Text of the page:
Legislation sponsored by Yager would give security officers at Tennessee’s Category I nuclear power plants authority to use deadly force in cases of severe threats of sabotage

(NASHVILLE, TN), March 1, 2012 – Legislation that gives security officers at Tennessee’s two Category 1 nuclear power plants the authority to use deadly force to prevent an act of radioactive sabotage was approved by a vote of 32 to 0 today.  The bill, sponsored by Senator Ken Yager (R-Harriman), would effect officers at the Tennessee Valley Authority’s (TVA) Watts Bar Power Plant in Rhea County and the Sequoyah Power Plant in Hamilton County.

“It is critically important that the scope of authority for nuclear facility security officers is clearly spelled out in state law,” said Senator Yager.   “There should be no uncertainty as to whether they have the authority to effectively defend the public as well as themselves, against acts of radioactive sabotage.”

Dr. Mark Finley, General Manager of Nuclear Security at TVA, told lawmakers that officers at Watts Bar and Sequoyah are currently operating under the Castle Doctrine.   The Castle Doctrine is a self-defense provision that allows for the use of force, including deadly force, when threatened within one’s home.  Finley said Senate Bill 2651 expands beyond that law, due to the safety implications to the public posed by threats of radioactive sabotage. He explained that there are a wide range of responses that plant security officers would use upon being faced with a threat, with deadly force being used as the last resort. 

“This would clarify the regulations that they have to operate under and how they can use a continuum of force,” said Finley.  “The bill would also identify the nuances that have been in place since 9-11, the sophistication of the adversaries, or the bad guys that would attempt to gain entry into our facilities.  This identifies the different techniques that they use, how specialized they are and how concealing they are.”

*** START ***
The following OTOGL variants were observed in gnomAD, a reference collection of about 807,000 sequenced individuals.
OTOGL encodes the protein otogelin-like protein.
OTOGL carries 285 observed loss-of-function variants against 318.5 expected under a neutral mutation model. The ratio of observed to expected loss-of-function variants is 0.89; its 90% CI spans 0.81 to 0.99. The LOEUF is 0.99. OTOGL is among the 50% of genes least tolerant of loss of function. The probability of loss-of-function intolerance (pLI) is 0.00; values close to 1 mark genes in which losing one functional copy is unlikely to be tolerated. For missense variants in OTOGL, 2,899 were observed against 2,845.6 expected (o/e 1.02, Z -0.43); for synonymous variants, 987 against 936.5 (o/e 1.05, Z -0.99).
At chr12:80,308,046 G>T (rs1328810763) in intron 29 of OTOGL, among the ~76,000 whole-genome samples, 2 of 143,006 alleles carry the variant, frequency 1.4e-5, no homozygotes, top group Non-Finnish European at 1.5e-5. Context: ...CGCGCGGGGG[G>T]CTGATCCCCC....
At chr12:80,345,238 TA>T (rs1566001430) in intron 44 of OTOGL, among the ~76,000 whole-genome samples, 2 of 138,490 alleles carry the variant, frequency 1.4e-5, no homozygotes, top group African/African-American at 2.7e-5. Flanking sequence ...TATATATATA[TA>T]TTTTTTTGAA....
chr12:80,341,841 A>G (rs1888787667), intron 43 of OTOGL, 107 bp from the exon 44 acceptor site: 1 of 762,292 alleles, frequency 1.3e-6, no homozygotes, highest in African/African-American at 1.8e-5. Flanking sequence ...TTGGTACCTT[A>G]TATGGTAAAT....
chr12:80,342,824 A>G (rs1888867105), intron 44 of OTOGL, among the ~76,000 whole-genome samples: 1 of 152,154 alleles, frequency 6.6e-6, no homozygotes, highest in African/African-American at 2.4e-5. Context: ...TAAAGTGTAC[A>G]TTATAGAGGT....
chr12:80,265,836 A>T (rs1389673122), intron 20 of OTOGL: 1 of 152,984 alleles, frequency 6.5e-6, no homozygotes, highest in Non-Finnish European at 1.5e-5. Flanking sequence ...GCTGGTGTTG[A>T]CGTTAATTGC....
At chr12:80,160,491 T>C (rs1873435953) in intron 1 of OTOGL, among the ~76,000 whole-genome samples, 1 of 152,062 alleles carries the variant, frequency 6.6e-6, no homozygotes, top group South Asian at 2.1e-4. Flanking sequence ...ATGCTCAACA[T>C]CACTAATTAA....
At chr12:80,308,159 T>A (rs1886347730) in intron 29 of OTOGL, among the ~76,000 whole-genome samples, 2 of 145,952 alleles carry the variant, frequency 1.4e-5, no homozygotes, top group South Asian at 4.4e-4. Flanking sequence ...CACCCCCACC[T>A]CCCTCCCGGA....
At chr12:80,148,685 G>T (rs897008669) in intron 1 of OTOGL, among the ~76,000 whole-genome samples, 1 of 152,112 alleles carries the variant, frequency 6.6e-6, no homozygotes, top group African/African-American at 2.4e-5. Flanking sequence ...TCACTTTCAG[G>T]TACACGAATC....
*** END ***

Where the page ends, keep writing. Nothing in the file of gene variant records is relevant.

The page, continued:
The Nuclear Regulatory Commission (NRC) prescribes stringent qualifications and training for nuclear security officers.  The facilities have a security plan that is regulated and inspected by the NRC every year.  TVA also has a nuclear facility training program for the officers which is part of the plan approved and inspected by the NRC annually. 

Finley said the Federal Bureau of Investigation (FBI) has categorized nuclear power sites across the nation as a very hard target after the 9-11 terrorist attacks.  He said that although there was a move to federalize nuclear facility security officers after 9-11, the NRC and Congress opted not to adopt that course of action.

“State law needs to mirror the course of action that is recommended by the highly trained federal experts on this matter,”added Yager. “This new law would give our security personnel at these facilities the tools and the authority to do their job and protect the public.”
Similar legislation has been approved in Alabama, Arizona, New Jersey, New York and Texas.




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